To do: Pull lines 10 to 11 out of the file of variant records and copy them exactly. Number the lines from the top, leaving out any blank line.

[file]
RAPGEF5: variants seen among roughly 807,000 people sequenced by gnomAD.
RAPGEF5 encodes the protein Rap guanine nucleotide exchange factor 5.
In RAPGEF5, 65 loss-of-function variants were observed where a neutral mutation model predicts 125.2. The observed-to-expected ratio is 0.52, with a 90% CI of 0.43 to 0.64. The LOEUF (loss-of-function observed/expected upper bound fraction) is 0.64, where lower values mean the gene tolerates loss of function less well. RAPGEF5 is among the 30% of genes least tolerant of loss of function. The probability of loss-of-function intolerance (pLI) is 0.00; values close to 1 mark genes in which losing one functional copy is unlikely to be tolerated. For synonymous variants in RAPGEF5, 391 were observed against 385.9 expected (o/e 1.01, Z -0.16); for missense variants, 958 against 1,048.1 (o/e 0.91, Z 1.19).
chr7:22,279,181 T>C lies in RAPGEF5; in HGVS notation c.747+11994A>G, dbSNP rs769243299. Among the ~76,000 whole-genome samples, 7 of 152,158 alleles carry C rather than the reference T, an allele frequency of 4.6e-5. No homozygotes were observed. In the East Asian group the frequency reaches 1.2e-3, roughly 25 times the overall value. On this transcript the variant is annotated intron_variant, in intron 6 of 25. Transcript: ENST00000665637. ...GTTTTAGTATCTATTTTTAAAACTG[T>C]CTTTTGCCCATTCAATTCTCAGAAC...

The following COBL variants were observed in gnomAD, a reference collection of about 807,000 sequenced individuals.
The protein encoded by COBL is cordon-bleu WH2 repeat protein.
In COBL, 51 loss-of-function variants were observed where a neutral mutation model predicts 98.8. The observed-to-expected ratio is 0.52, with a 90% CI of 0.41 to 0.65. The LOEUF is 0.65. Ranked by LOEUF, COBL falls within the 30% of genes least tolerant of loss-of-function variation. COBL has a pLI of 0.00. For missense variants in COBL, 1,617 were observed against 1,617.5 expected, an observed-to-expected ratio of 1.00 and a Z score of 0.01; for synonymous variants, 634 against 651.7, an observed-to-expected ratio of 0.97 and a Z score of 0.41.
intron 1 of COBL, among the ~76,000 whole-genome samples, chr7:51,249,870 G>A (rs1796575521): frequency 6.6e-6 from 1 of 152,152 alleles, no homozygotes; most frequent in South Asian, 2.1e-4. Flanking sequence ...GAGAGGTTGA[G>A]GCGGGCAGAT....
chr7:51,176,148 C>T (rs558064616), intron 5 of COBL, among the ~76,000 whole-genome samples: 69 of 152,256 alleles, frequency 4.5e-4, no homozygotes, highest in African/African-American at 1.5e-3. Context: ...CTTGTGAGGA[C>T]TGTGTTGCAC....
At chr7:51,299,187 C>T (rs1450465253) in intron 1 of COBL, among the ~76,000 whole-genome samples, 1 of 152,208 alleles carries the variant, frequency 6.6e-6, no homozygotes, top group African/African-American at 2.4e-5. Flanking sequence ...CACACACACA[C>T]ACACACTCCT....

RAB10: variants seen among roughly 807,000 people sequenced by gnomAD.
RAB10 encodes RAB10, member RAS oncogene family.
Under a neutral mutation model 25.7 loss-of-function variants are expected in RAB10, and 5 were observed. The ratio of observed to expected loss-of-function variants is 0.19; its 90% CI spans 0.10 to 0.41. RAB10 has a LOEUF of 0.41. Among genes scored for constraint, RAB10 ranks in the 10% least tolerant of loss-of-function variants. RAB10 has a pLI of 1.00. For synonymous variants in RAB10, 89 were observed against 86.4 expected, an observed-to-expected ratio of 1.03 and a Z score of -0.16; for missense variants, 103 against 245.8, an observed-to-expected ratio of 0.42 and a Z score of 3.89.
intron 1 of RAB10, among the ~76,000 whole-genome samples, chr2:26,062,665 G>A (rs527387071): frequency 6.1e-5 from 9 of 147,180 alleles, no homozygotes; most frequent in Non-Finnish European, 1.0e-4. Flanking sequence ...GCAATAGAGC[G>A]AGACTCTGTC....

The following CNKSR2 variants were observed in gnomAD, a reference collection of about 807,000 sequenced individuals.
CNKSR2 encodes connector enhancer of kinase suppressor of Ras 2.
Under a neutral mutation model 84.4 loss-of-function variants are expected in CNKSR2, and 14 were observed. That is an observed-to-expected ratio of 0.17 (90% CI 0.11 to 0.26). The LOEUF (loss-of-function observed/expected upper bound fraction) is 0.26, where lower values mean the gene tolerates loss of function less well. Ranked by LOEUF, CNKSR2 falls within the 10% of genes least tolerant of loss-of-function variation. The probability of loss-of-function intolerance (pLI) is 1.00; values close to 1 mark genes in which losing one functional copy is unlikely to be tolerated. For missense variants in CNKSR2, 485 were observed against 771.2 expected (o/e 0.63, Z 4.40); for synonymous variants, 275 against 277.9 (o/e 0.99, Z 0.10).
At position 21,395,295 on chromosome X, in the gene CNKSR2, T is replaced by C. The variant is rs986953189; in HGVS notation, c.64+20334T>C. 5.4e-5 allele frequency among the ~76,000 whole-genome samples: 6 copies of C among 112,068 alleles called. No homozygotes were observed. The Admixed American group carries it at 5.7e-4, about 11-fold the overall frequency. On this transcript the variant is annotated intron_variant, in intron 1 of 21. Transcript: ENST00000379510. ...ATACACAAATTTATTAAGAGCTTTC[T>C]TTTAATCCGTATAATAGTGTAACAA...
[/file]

At chr7:51,299,187 C>T (rs1450465253) in intron 1 of COBL, among the ~76,000 whole-genome samples, 1 of 152,208 alleles carries the variant, frequency 6.6e-6, no homozygotes, top group African/African-American at 2.4e-5. Flanking sequence ...CACACACACA[C>T]ACACACTCCT....

RAB10: variants seen among roughly 807,000 people sequenced by gnomAD.